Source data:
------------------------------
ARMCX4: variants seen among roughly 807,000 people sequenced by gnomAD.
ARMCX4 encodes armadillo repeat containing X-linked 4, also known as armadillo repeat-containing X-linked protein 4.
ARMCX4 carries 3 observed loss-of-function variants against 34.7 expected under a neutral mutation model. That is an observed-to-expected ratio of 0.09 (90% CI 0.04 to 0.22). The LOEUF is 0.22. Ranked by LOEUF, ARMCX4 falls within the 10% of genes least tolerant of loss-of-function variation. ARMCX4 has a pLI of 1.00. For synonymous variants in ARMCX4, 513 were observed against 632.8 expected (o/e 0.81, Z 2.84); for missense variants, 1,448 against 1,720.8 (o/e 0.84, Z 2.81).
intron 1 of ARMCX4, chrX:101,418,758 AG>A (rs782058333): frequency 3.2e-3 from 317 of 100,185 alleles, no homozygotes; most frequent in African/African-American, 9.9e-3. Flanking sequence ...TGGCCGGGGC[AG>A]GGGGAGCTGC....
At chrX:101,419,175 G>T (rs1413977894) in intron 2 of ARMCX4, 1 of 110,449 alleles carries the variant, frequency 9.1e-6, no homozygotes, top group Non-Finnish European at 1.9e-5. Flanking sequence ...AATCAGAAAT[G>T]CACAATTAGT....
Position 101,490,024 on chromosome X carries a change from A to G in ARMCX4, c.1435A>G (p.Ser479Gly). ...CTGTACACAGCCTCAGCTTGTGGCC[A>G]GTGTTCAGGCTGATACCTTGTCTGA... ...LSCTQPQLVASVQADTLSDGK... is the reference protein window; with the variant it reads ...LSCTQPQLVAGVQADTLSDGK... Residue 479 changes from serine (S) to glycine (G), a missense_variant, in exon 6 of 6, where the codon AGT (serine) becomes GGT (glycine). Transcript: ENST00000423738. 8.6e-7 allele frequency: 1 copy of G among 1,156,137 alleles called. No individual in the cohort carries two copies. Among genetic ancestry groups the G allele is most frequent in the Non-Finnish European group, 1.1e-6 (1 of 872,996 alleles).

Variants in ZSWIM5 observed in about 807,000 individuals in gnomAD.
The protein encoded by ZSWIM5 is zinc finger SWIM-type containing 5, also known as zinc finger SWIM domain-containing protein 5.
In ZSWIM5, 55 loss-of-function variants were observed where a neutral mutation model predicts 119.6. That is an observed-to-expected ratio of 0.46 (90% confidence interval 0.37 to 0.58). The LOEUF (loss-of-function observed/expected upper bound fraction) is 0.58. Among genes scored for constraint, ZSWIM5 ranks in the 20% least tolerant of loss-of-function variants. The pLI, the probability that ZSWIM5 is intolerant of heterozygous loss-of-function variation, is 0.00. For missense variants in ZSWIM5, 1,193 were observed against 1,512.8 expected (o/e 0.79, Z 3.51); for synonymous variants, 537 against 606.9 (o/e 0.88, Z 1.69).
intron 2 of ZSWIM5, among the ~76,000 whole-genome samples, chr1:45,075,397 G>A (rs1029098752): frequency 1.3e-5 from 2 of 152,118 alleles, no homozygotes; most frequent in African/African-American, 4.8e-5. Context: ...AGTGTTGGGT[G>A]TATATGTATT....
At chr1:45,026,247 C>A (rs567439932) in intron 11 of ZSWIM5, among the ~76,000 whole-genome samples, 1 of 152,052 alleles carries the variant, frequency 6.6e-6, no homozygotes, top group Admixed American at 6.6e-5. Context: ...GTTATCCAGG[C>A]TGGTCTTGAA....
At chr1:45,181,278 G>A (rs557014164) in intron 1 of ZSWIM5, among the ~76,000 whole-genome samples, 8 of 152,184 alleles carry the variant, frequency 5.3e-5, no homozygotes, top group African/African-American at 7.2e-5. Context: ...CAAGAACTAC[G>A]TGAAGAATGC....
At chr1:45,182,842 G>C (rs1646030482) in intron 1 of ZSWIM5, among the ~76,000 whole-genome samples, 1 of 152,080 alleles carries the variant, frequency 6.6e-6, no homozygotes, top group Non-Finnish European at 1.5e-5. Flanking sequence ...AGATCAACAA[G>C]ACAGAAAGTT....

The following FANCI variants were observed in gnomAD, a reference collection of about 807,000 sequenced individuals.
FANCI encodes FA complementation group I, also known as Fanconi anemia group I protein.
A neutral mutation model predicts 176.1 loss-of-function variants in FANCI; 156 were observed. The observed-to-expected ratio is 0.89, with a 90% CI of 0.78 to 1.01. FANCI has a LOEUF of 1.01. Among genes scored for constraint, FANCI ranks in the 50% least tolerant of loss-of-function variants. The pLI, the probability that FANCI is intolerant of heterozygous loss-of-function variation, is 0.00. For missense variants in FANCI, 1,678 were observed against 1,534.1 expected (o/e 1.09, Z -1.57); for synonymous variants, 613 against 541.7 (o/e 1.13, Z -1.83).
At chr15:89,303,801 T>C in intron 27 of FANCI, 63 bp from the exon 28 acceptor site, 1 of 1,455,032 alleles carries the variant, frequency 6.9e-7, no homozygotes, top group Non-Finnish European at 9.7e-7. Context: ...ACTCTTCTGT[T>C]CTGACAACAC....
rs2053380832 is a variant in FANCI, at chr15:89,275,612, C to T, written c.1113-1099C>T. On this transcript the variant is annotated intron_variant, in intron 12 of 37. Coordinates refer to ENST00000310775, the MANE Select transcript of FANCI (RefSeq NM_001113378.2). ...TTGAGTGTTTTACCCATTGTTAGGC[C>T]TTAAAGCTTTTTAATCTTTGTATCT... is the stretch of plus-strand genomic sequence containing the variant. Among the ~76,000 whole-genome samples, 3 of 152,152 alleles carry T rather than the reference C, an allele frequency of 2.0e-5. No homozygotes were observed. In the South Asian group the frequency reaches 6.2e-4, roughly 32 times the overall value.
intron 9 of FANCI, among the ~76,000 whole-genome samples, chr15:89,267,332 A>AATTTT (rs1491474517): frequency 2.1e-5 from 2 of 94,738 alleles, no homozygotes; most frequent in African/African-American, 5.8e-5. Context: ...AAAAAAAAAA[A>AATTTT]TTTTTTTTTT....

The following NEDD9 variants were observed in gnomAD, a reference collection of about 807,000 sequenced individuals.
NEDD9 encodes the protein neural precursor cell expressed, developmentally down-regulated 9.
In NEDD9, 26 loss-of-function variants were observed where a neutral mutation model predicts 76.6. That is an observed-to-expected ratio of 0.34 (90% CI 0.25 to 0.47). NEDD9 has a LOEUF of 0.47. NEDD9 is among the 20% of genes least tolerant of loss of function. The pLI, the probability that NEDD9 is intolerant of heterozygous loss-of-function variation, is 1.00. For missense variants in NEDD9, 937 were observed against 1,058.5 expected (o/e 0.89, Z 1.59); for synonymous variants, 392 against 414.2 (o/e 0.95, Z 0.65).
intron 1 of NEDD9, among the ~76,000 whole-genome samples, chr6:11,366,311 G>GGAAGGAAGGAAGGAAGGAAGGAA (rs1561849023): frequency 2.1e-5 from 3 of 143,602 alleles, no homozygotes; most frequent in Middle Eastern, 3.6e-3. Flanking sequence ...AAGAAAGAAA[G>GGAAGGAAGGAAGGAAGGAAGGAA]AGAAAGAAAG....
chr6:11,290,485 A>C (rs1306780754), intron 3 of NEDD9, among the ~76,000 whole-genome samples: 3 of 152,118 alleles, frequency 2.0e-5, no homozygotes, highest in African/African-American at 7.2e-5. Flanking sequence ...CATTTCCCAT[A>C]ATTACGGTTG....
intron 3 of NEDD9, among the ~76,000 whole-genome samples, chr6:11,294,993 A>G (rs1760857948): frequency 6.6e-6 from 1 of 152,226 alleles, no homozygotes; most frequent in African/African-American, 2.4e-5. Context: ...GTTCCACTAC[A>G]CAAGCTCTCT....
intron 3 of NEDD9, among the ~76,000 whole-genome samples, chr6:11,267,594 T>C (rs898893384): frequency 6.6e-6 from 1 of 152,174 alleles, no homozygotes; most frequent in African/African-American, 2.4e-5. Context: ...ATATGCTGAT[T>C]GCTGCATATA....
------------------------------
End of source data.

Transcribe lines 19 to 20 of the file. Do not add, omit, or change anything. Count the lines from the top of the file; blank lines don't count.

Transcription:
intron 9 of FANCI, among the ~76,000 whole-genome samples, chr15:89,267,332 A>AATTTT (rs1491474517): frequency 2.1e-5 from 2 of 94,738 alleles, no homozygotes; most frequent in African/African-American, 5.8e-5. Context: ...AAAAAAAAAA[A>AATTTT]TTTTTTTTTT....

The following NEDD9 variants were observed in gnomAD, a reference collection of about 807,000 sequenced individuals.